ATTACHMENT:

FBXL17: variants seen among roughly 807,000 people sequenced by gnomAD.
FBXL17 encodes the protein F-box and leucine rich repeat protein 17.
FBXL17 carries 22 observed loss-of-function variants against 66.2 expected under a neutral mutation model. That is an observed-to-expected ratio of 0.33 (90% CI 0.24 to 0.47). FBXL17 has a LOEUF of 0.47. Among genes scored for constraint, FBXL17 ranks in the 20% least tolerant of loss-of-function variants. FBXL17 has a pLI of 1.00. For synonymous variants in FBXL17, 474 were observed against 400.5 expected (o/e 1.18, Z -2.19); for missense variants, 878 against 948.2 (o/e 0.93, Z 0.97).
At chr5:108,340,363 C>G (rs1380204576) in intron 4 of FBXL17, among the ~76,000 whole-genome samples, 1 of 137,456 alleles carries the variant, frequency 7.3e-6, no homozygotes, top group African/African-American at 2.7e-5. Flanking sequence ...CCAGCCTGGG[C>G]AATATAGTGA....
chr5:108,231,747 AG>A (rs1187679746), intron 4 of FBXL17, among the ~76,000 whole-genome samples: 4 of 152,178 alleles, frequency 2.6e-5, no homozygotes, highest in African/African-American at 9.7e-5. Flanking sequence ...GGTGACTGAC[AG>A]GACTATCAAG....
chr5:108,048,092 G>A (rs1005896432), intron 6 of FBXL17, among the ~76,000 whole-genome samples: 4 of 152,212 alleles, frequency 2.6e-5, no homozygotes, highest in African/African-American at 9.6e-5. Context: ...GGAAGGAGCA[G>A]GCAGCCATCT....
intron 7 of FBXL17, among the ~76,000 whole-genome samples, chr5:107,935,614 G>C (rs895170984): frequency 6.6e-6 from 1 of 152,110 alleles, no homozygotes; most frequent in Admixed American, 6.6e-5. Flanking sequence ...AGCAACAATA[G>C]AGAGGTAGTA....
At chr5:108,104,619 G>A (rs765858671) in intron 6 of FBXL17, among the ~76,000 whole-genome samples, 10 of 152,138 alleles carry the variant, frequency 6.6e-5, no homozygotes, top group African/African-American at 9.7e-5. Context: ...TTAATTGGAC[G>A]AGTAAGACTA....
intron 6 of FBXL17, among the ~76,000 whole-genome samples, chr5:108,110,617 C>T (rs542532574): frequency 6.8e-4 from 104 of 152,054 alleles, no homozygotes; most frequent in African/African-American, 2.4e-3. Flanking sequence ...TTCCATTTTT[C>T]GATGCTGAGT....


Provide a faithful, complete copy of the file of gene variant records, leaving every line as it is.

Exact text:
FBXL17: variants seen among roughly 807,000 people sequenced by gnomAD.
FBXL17 encodes the protein F-box and leucine rich repeat protein 17.
FBXL17 carries 22 observed loss-of-function variants against 66.2 expected under a neutral mutation model. That is an observed-to-expected ratio of 0.33 (90% CI 0.24 to 0.47). FBXL17 has a LOEUF of 0.47. Among genes scored for constraint, FBXL17 ranks in the 20% least tolerant of loss-of-function variants. FBXL17 has a pLI of 1.00. For synonymous variants in FBXL17, 474 were observed against 400.5 expected (o/e 1.18, Z -2.19); for missense variants, 878 against 948.2 (o/e 0.93, Z 0.97).
At chr5:108,340,363 C>G (rs1380204576) in intron 4 of FBXL17, among the ~76,000 whole-genome samples, 1 of 137,456 alleles carries the variant, frequency 7.3e-6, no homozygotes, top group African/African-American at 2.7e-5. Flanking sequence ...CCAGCCTGGG[C>G]AATATAGTGA....
chr5:108,231,747 AG>A (rs1187679746), intron 4 of FBXL17, among the ~76,000 whole-genome samples: 4 of 152,178 alleles, frequency 2.6e-5, no homozygotes, highest in African/African-American at 9.7e-5. Flanking sequence ...GGTGACTGAC[AG>A]GACTATCAAG....
chr5:108,048,092 G>A (rs1005896432), intron 6 of FBXL17, among the ~76,000 whole-genome samples: 4 of 152,212 alleles, frequency 2.6e-5, no homozygotes, highest in African/African-American at 9.6e-5. Context: ...GGAAGGAGCA[G>A]GCAGCCATCT....
intron 7 of FBXL17, among the ~76,000 whole-genome samples, chr5:107,935,614 G>C (rs895170984): frequency 6.6e-6 from 1 of 152,110 alleles, no homozygotes; most frequent in Admixed American, 6.6e-5. Flanking sequence ...AGCAACAATA[G>C]AGAGGTAGTA....
At chr5:108,104,619 G>A (rs765858671) in intron 6 of FBXL17, among the ~76,000 whole-genome samples, 10 of 152,138 alleles carry the variant, frequency 6.6e-5, no homozygotes, top group African/African-American at 9.7e-5. Context: ...TTAATTGGAC[G>A]AGTAAGACTA....
intron 6 of FBXL17, among the ~76,000 whole-genome samples, chr5:108,110,617 C>T (rs542532574): frequency 6.8e-4 from 104 of 152,054 alleles, no homozygotes; most frequent in African/African-American, 2.4e-3. Flanking sequence ...TTCCATTTTT[C>T]GATGCTGAGT....